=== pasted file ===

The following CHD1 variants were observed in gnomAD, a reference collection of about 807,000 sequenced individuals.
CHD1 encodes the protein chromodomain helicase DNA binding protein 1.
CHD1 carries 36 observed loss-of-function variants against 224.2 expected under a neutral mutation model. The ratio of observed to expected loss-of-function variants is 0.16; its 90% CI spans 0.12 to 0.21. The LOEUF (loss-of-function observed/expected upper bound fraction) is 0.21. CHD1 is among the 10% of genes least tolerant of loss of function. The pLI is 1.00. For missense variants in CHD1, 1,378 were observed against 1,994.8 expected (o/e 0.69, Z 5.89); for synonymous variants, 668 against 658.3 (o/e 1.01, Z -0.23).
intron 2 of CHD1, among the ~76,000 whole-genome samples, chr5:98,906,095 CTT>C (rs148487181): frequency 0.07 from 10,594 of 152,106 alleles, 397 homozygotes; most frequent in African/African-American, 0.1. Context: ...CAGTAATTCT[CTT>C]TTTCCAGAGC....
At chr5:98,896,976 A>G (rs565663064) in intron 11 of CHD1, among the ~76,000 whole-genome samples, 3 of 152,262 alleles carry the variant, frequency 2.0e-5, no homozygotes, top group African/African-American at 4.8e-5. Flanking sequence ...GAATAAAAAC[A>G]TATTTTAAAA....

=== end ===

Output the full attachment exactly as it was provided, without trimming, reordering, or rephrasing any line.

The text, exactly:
The following CHD1 variants were observed in gnomAD, a reference collection of about 807,000 sequenced individuals.
CHD1 encodes the protein chromodomain helicase DNA binding protein 1.
CHD1 carries 36 observed loss-of-function variants against 224.2 expected under a neutral mutation model. The ratio of observed to expected loss-of-function variants is 0.16; its 90% CI spans 0.12 to 0.21. The LOEUF (loss-of-function observed/expected upper bound fraction) is 0.21. CHD1 is among the 10% of genes least tolerant of loss of function. The pLI is 1.00. For missense variants in CHD1, 1,378 were observed against 1,994.8 expected (o/e 0.69, Z 5.89); for synonymous variants, 668 against 658.3 (o/e 1.01, Z -0.23).
intron 2 of CHD1, among the ~76,000 whole-genome samples, chr5:98,906,095 CTT>C (rs148487181): frequency 0.07 from 10,594 of 152,106 alleles, 397 homozygotes; most frequent in African/African-American, 0.1. Context: ...CAGTAATTCT[CTT>C]TTTCCAGAGC....
At chr5:98,896,976 A>G (rs565663064) in intron 11 of CHD1, among the ~76,000 whole-genome samples, 3 of 152,262 alleles carry the variant, frequency 2.0e-5, no homozygotes, top group African/African-American at 4.8e-5. Flanking sequence ...GAATAAAAAC[A>G]TATTTTAAAA....